With an interdisciplinary approach, Flammer wants to elevate awareness of Alpine food. Working with farmers, food producers, restaurants and hotels, tourism agencies and consumers, he wants to reach the various actors within these value chains.

What programs and services does it offer?

To help achieve its goals, the Culinarium Alpinum has a variety of programs and services, such as:

  • A restaurant that highlights ingredients and products primarily from the cantons of Nidwalden and Obwalden. It recently earned 13 points from Gault Millau Schweiz. The dinner menu features small plates, so you can taste many different dishes. Our waitress recommended that we each have two starters and two main courses.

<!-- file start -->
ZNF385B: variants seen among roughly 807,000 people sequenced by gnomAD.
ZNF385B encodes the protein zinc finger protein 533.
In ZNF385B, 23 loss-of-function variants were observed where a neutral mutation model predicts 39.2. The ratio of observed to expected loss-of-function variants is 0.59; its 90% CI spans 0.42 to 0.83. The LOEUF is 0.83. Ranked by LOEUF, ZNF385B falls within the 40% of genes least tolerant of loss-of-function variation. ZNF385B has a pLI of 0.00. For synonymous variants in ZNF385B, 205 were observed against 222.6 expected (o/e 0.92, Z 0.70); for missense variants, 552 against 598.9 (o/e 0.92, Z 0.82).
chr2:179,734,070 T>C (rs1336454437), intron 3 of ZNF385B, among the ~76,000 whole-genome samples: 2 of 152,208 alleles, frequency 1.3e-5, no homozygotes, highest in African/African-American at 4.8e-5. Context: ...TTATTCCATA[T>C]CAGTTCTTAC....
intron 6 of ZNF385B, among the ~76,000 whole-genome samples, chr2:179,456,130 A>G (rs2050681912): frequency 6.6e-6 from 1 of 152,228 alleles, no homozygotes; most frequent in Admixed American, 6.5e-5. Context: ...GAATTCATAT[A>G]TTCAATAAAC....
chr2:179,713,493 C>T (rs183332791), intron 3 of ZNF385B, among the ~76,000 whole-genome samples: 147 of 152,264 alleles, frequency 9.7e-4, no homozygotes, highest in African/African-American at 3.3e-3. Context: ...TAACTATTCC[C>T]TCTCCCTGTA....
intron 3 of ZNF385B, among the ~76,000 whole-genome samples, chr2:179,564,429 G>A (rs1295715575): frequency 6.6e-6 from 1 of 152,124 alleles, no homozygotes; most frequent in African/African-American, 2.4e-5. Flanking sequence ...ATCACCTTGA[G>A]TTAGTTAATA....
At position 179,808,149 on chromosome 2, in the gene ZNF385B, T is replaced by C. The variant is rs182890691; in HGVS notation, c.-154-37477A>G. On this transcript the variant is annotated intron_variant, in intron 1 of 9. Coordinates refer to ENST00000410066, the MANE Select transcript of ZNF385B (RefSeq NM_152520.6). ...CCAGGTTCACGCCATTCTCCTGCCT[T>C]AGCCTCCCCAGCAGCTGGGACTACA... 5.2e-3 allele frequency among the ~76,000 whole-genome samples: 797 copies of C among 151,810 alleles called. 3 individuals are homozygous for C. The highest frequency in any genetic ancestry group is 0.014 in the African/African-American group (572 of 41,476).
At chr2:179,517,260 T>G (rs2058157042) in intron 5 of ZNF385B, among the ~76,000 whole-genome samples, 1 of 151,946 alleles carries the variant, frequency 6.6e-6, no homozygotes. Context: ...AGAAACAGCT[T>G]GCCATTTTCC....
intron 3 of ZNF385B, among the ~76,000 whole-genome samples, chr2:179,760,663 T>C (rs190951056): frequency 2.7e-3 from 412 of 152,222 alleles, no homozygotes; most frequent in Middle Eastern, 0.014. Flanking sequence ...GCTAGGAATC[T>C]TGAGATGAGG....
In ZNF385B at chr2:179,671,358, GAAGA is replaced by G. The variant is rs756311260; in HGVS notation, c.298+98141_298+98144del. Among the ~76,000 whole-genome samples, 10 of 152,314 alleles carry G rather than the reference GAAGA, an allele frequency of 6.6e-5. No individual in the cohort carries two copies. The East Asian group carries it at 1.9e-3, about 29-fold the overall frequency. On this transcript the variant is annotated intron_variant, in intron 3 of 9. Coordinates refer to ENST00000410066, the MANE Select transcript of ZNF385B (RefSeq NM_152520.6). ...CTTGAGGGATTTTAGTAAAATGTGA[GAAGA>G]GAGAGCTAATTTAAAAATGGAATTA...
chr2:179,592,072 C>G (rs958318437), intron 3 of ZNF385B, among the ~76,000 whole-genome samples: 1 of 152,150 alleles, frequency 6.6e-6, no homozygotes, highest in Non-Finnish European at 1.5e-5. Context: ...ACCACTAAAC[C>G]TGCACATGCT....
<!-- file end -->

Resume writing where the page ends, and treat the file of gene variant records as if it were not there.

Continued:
Breakfast buffet at the Culinarium Alpinum.
  • Courses ranging from sourdough bread to bratwurst to non-alcoholic beverages for both professionals and amateurs. The monastery has ample space for hosting conferences and other private events, with catering offered by the restaurant.
  • The Klosterladen, a small shop with a diverse assortment of regional food products. I purchased spelt flour, macaroni, a bottle of orange soda and polenta.
  • An Alpsbrinz Cheese Cave, operated by Molki Stans, is hidden away in the cellar. With a vaulted ceiling, this room houses aging wheels of this hard, raw milk cheese. This cheese appears on the menu of the restaurant and is for sale at the Klosterladen.
Cherry preservers at the Klosterladen at the Culinarium Alpinum
Cherry preservers at the Culinarium Alpinum’s Klosterladen